Flu season: All you need to know to stay safe
Flu season is right around the corner and this year we are facing it amidst the Covid-19 pandemic. The flu may not be seen as the same kind of threat as Covid-19, but for some it can be just as deadly. Up to 650,000 people around the world succumb to flu every year. Preventing the flu is always important, but it is especially crucial now when we are already fighting Covid-19.
The flu has very similar symptoms to Covid-19 such as fever, nasal congestion, headaches, and severe muscle weakness and tiredness, which may lead to an increased number of unnecessary hospital admissions due to the fear of getting Covid-19. Fortunately, the same measures that help prevent the spread of the Covid-19 can also help prevent spread of the flu, such as: washing hands often with soap and warm water for at least 20 seconds or using an alcohol-based hand sanitiser; avoiding touching our face, eyes, nose, and mouth with unwashed hands.
When the novel coronavirus was discovered, the global public health and pharmaceutical communities almost immediately started working on a vaccine as it is the best way to overcome any public health emergency. Unfortunately, vaccine development does take time, and even once the vaccine is developed, it will take time for it to be manufactured and distributed globally. In the case of the flu, we have both the time and foresight to prepare ourselves, and fortunately, we already have a vaccine to prevent this disease from deepening the losses we have suffered.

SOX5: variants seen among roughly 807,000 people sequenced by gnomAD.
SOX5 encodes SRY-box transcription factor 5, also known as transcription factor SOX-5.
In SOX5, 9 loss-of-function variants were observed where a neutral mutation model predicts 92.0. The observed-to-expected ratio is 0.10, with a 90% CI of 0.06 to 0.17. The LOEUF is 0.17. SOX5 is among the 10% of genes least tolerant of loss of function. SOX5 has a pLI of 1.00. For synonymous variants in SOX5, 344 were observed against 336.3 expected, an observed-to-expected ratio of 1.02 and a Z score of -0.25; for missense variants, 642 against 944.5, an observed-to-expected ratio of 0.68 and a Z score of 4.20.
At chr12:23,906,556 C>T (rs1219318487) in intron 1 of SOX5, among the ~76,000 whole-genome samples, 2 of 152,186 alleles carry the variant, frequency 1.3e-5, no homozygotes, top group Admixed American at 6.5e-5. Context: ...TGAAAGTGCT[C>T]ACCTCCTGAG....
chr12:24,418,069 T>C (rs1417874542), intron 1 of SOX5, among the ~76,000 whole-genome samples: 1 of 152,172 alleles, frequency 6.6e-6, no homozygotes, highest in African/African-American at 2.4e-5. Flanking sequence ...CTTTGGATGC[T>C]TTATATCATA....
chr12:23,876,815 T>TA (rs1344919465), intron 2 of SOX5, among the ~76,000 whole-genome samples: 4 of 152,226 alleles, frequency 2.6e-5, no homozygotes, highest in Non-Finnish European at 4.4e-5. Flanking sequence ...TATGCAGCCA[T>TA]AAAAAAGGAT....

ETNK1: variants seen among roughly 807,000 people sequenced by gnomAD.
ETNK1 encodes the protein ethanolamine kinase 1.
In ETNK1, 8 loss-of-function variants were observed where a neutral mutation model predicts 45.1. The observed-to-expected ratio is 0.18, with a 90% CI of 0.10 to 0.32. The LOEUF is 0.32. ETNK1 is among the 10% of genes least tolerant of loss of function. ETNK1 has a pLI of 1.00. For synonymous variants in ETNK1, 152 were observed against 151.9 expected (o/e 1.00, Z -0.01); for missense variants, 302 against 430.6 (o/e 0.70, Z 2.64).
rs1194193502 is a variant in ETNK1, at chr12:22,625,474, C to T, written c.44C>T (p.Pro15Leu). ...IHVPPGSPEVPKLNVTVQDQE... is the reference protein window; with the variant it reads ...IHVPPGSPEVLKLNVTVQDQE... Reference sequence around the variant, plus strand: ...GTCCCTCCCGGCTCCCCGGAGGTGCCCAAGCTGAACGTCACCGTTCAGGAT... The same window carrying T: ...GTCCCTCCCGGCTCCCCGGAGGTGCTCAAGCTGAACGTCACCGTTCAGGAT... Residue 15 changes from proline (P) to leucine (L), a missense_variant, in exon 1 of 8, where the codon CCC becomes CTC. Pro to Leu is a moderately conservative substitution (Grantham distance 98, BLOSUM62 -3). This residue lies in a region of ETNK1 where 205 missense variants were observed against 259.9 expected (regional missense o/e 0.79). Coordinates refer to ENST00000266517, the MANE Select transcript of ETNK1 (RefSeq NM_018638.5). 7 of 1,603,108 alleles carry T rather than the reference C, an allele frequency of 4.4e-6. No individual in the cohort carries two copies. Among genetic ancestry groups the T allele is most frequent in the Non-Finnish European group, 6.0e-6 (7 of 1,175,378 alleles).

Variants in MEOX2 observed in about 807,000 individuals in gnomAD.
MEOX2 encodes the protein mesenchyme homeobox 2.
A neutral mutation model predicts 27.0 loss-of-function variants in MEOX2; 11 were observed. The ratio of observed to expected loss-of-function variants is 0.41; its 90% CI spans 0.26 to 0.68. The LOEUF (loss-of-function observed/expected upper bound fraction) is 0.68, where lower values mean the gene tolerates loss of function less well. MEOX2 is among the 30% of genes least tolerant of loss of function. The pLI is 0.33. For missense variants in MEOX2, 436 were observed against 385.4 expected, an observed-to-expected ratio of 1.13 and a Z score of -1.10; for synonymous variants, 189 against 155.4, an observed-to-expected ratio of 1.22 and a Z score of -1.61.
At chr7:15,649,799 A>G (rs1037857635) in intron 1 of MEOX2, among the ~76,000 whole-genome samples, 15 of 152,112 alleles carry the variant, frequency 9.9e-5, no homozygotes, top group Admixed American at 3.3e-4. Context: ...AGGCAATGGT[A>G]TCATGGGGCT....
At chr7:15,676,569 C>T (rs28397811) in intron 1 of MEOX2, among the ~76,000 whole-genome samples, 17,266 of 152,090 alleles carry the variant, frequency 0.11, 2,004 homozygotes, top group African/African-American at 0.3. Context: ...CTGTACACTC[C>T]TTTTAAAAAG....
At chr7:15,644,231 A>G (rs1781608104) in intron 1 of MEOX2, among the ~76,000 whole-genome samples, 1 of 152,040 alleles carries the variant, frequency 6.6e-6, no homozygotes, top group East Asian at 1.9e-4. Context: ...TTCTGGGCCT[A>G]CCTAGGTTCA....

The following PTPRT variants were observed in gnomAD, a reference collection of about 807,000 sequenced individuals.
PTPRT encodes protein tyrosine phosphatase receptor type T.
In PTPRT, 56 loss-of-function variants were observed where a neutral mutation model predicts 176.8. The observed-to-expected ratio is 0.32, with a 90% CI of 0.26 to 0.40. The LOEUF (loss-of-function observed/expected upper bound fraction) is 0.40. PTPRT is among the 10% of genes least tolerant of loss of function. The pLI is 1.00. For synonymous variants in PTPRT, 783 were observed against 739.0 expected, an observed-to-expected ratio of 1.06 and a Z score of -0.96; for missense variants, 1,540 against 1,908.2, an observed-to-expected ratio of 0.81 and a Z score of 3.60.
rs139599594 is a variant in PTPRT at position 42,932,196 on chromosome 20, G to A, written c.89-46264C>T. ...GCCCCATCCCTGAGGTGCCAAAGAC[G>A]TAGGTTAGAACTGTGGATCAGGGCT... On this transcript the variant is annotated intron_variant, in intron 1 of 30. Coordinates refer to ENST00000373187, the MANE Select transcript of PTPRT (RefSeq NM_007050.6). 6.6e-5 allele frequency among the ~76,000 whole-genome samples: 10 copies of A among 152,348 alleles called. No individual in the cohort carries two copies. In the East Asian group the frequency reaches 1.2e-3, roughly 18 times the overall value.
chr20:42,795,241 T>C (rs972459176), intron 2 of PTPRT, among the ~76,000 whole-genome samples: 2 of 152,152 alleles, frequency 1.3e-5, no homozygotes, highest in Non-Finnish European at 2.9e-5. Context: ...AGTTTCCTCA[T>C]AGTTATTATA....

The best way for us to fight the flu is by getting the flu vaccine before the winter season starts. While the flu vaccine will not protect us from developing Covid-19, it will strengthen our immune system and reduce the chances of getting the flu.
There are four human coronaviruses — 229E, NL63, OC43 and HKU1 — that account for about 15 percent of common colds in humans. Adults may be infected with one of these on average every 2-3 years, which means that there could be a degree of pre-existing cross-reactive immunity to SARS-CoV-2 antigens in these people. It is possible that those susceptible to developing severe Covid-19 disease might benefit from the flu vaccination.
Even though the vaccine does not guarantee complete prevention from the flu, it can decrease the chances of us experiencing severe symptoms, and people older than six months can and should get the vaccine.
Here are a few facts to know about the flu vaccine:
— It decreases the risk of getting the flu.
— It does not increase the risk of getting Covid-19 and might be even be beneficial especially for those at risk for developing severe Covid-19.
— It decreases the burden on frontline healthcare workers such as our doctors and nurses, who are already overstressed taking care of Covid-19 patients, by reducing the number of people who will get the flu and require hospital admission.
— The flu strain changes every year so researchers continuously work to evaluate which strains are the ones that are most likely to affect the population and so if you were vaccinated last year, it does not mean you will be protected this year.
— The best time to get the flu vaccine is before winter, around September or October.
With the flu season now only a few weeks away, we must prepare for the challenges it will bring for us and our community.
You can get your flu vaccine shot at Praava or talk to your family doctor via video consultation if you think you are showing symptoms of the flu. Stay informed and stay healthy this flu season.
Dr Paramita Karim is a senior family doctor at Praava Health